“Love is patient, love is kind. It does not envy, it does not boast, it is not proud” (1 Corinthians 13:4).
Love is a word people often use to describe how they feel towards something or someone on a daily basis. I often say things like “I love to sleep past 10 am” or “I love eating Taco Bell during late nights with my friends.” Of course when I say these things I’m describing my reaction to what makes me feel happy. You would never hear me claim my affection for Taco Bell by speaking about it throughout the day. It’s just a fast food company I like, not something that I’m totally devoted to speaking about and eating every night. If I did you might as well call me a taco-craving lunatic, who needs to refrain from consistently buying the $5 box meal from the menu! Also, I don’t always have a craving for Taco Bell! If love never changes, then maybe the way we interpret it needs to be reevaluated.
In actuality love is so much deeper than a feeling or way of describing how you feel. I have heard the definition of love best explained as “compassion put into action.” The Apostle Paul explains what love isn’t vs what it is in 1 Corinthians 13. It is recognized as actions and reactions that embody certain fruit of the Spirit and godly characteristics. If anyone knew the power and transformation received through love, Paul knew it better than most. He was changed by love, that being found in the very person of Jesus Christ. This love broke the boundaries of feelings for Paul. It became a devoted way of living, being the very reason he found joy while being in chains. Love found in Jesus Christ is what stopped a man who used to kill Christians for sport during his travels on the road to Damascus, and brought him into a reality in which his desire to follow God was more desirable than life itself.
One of Sir Isaac Newton’s laws of motion helps elaborate on the meaning of love when saying that “for every action there is an equal and opposite reaction.” As a believer an upward action is received from God, the very things He has done in your heart and life since your acceptance of His Son. From that action, you react in a way different than the norm of the world by how you speak and think on a daily basis. While at the same time, an opposite reaction comes from those who have yet to accept this love. By acceptance of Christ in one’s life, you hold the power of the Holy Spirit within you, who brings about a transformation of life and hope, while at the same time shakes the very gates of Hell. The world is waiting to be loved. It is desperate for an exchange of common misinterpreted affection for temporal things for an absolute truth that is constant and never changing. May you grasp the love of Christ, which has conquered the grave and has brought you into redemption with the Lord of Lords.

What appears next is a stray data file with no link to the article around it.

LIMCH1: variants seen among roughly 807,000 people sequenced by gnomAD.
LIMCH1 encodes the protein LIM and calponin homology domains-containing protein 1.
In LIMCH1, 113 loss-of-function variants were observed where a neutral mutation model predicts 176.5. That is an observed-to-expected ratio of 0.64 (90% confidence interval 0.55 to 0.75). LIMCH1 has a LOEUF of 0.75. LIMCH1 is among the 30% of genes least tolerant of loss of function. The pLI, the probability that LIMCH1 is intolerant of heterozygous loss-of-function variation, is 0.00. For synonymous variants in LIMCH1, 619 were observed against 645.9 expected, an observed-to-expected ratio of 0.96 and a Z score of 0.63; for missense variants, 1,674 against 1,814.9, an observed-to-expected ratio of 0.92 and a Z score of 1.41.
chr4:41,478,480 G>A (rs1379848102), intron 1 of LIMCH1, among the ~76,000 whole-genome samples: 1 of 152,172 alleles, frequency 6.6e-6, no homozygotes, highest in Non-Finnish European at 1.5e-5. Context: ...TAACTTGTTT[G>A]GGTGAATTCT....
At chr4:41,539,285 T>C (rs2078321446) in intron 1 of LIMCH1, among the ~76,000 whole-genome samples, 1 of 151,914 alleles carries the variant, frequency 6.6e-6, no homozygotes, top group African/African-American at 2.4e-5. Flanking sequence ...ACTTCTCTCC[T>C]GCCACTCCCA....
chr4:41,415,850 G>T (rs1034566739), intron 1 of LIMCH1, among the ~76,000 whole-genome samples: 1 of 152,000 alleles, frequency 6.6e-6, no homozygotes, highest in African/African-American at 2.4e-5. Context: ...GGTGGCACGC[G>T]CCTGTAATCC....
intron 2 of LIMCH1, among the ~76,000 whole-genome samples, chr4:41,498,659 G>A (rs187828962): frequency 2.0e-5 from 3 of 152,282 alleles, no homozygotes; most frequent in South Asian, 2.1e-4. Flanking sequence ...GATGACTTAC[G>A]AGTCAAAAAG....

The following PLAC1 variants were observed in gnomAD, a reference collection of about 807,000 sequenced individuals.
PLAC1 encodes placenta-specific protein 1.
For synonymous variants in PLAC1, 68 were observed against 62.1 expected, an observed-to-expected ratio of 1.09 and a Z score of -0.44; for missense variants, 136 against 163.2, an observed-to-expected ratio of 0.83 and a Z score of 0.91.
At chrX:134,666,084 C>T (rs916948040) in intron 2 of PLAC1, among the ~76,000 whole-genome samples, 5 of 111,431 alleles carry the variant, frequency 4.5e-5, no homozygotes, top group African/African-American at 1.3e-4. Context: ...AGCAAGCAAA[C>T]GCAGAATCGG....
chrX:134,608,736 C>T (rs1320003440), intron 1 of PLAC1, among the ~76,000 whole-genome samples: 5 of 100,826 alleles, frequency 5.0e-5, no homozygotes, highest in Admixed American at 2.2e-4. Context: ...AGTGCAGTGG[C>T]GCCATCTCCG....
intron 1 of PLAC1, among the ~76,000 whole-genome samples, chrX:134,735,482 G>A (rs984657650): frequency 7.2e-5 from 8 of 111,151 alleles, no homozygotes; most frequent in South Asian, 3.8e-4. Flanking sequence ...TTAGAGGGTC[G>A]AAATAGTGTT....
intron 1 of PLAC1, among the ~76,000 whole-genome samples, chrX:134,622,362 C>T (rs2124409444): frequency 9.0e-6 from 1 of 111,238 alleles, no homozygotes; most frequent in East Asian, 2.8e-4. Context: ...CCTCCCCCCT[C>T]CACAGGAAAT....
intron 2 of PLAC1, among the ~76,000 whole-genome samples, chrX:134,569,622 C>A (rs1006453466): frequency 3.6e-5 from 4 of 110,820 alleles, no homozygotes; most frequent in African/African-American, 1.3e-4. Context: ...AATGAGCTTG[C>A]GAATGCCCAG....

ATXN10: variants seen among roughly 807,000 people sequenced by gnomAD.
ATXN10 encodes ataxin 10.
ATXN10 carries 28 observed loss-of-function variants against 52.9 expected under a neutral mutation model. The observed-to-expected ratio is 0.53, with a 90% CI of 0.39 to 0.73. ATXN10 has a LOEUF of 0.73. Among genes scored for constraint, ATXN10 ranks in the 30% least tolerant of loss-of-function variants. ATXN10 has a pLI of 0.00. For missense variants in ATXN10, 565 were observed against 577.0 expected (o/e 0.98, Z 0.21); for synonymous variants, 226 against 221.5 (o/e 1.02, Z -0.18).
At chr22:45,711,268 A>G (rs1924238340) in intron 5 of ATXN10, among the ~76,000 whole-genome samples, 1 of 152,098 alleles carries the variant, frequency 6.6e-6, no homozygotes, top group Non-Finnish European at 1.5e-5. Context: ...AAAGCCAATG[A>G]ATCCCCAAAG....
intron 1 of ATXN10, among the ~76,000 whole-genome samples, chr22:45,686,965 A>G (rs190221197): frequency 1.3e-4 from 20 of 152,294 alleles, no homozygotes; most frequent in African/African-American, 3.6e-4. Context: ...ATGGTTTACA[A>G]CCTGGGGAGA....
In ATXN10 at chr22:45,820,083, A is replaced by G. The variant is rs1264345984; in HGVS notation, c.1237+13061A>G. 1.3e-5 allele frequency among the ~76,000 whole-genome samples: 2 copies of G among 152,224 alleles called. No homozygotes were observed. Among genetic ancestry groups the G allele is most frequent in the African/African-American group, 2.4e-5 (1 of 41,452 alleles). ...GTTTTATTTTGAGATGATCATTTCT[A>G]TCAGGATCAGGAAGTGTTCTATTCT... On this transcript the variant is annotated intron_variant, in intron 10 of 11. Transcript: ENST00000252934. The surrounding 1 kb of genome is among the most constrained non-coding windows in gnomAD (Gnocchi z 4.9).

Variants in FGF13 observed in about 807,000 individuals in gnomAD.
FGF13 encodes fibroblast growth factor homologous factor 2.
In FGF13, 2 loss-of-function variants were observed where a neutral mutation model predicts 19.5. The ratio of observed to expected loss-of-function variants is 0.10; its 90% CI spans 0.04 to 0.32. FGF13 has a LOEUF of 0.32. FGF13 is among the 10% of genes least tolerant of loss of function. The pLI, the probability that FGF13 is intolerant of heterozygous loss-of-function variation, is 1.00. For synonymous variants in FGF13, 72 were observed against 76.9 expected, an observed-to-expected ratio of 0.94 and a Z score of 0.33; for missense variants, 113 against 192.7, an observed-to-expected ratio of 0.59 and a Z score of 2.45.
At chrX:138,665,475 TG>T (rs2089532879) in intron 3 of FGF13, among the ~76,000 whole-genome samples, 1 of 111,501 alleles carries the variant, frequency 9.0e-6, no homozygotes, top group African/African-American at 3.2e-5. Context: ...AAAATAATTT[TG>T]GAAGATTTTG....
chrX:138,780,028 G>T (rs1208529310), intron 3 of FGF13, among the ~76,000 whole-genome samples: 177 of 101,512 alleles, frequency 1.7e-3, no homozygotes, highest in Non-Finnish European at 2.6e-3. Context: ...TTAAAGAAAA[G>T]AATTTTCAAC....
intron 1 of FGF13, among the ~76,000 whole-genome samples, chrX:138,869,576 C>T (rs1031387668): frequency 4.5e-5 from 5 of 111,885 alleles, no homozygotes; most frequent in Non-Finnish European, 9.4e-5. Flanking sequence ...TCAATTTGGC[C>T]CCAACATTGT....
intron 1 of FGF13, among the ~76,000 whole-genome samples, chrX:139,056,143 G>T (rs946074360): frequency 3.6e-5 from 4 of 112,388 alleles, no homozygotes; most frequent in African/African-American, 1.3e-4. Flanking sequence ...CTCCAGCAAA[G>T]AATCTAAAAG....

Think: How have you defined love in the past? Do you act by how you feel or out of God’s love for you?
Pray: Jesus show me how to be transformed by your love. Forgive me when I don’t love like you do. Thank you for loving me unconditionally, in your name I pray amen.
Apply: Allow the Holy Spirit to show you what is love and what isn’t. Study these verses and commit them to memory in your head and heart. Strive to be patient and kind because of God’s love for you.
If the future does not convince you enough to study apologetics, then take notice of present trends. Recent data supports that “Most young people abandon their faith while they are still at home with their parents. Today, incoming college freshmen, when surveyed before they enter college, are three times more likely to report that they are religiously unaffiliated than freshmen who entered college in 1986.”
Naturalism continues to appeal to the modern mind, but its approach to life leaves one to grapple with their life’s purpose, measure their moral standards by their idea of right and wrong, and build their life philosophy upon the false idea that science explains everything. Naturalism is inconsistent both on the level of human experience and logic.
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